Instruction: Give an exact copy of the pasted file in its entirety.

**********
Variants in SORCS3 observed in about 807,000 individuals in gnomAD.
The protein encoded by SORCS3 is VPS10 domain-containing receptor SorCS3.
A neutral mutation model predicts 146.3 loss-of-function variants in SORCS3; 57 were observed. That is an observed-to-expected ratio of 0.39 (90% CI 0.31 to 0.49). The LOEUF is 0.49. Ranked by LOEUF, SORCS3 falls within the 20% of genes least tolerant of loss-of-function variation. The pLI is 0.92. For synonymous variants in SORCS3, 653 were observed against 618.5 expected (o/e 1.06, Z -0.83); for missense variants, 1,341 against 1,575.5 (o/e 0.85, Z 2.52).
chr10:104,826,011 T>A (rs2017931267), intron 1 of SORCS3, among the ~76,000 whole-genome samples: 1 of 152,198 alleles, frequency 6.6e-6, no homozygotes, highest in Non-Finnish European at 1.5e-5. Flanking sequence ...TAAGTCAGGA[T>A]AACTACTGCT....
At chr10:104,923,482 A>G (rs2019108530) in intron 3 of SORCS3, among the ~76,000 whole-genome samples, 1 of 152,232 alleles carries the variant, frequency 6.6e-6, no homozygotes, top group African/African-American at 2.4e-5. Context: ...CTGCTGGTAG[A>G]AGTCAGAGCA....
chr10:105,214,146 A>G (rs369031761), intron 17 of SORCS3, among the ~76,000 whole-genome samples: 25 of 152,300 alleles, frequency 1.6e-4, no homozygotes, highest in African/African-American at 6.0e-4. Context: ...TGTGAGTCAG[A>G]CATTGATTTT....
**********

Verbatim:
Variants in SORCS3 observed in about 807,000 individuals in gnomAD.
The protein encoded by SORCS3 is VPS10 domain-containing receptor SorCS3.
A neutral mutation model predicts 146.3 loss-of-function variants in SORCS3; 57 were observed. That is an observed-to-expected ratio of 0.39 (90% CI 0.31 to 0.49). The LOEUF is 0.49. Ranked by LOEUF, SORCS3 falls within the 20% of genes least tolerant of loss-of-function variation. The pLI is 0.92. For synonymous variants in SORCS3, 653 were observed against 618.5 expected (o/e 1.06, Z -0.83); for missense variants, 1,341 against 1,575.5 (o/e 0.85, Z 2.52).
chr10:104,826,011 T>A (rs2017931267), intron 1 of SORCS3, among the ~76,000 whole-genome samples: 1 of 152,198 alleles, frequency 6.6e-6, no homozygotes, highest in Non-Finnish European at 1.5e-5. Flanking sequence ...TAAGTCAGGA[T>A]AACTACTGCT....
At chr10:104,923,482 A>G (rs2019108530) in intron 3 of SORCS3, among the ~76,000 whole-genome samples, 1 of 152,232 alleles carries the variant, frequency 6.6e-6, no homozygotes, top group African/African-American at 2.4e-5. Context: ...CTGCTGGTAG[A>G]AGTCAGAGCA....
chr10:105,214,146 A>G (rs369031761), intron 17 of SORCS3, among the ~76,000 whole-genome samples: 25 of 152,300 alleles, frequency 1.6e-4, no homozygotes, highest in African/African-American at 6.0e-4. Context: ...TGTGAGTCAG[A>G]CATTGATTTT....